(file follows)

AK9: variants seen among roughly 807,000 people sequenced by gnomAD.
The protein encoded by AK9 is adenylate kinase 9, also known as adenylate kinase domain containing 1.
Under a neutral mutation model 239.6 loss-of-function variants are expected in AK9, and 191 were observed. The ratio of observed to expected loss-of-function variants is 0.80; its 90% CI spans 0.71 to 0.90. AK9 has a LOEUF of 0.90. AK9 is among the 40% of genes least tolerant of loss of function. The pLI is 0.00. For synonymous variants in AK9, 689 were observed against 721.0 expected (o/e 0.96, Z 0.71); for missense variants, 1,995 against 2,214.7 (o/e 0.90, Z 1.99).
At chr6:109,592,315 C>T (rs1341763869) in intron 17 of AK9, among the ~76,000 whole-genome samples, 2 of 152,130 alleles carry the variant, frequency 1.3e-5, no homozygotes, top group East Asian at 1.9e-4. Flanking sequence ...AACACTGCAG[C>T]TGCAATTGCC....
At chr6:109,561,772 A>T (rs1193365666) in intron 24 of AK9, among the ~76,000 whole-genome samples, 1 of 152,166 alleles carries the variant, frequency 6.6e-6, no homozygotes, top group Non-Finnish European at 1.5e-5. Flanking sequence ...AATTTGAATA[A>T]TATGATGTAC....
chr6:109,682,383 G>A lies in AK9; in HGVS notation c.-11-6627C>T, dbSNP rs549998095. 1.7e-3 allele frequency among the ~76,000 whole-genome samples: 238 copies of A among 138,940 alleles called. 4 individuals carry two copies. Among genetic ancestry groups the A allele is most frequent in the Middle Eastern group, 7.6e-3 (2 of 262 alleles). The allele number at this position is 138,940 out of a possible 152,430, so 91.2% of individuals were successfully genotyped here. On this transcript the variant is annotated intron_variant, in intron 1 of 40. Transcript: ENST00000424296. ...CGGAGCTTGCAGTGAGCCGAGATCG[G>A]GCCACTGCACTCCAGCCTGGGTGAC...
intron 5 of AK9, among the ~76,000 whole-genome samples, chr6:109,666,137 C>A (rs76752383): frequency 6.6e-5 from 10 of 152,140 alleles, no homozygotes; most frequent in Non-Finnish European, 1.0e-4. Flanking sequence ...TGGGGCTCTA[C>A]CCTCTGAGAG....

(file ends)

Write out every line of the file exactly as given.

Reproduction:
AK9: variants seen among roughly 807,000 people sequenced by gnomAD.
The protein encoded by AK9 is adenylate kinase 9, also known as adenylate kinase domain containing 1.
Under a neutral mutation model 239.6 loss-of-function variants are expected in AK9, and 191 were observed. The ratio of observed to expected loss-of-function variants is 0.80; its 90% CI spans 0.71 to 0.90. AK9 has a LOEUF of 0.90. AK9 is among the 40% of genes least tolerant of loss of function. The pLI is 0.00. For synonymous variants in AK9, 689 were observed against 721.0 expected (o/e 0.96, Z 0.71); for missense variants, 1,995 against 2,214.7 (o/e 0.90, Z 1.99).
At chr6:109,592,315 C>T (rs1341763869) in intron 17 of AK9, among the ~76,000 whole-genome samples, 2 of 152,130 alleles carry the variant, frequency 1.3e-5, no homozygotes, top group East Asian at 1.9e-4. Flanking sequence ...AACACTGCAG[C>T]TGCAATTGCC....
At chr6:109,561,772 A>T (rs1193365666) in intron 24 of AK9, among the ~76,000 whole-genome samples, 1 of 152,166 alleles carries the variant, frequency 6.6e-6, no homozygotes, top group Non-Finnish European at 1.5e-5. Flanking sequence ...AATTTGAATA[A>T]TATGATGTAC....
chr6:109,682,383 G>A lies in AK9; in HGVS notation c.-11-6627C>T, dbSNP rs549998095. 1.7e-3 allele frequency among the ~76,000 whole-genome samples: 238 copies of A among 138,940 alleles called. 4 individuals carry two copies. Among genetic ancestry groups the A allele is most frequent in the Middle Eastern group, 7.6e-3 (2 of 262 alleles). The allele number at this position is 138,940 out of a possible 152,430, so 91.2% of individuals were successfully genotyped here. On this transcript the variant is annotated intron_variant, in intron 1 of 40. Transcript: ENST00000424296. ...CGGAGCTTGCAGTGAGCCGAGATCG[G>A]GCCACTGCACTCCAGCCTGGGTGAC...
intron 5 of AK9, among the ~76,000 whole-genome samples, chr6:109,666,137 C>A (rs76752383): frequency 6.6e-5 from 10 of 152,140 alleles, no homozygotes; most frequent in Non-Finnish European, 1.0e-4. Flanking sequence ...TGGGGCTCTA[C>A]CCTCTGAGAG....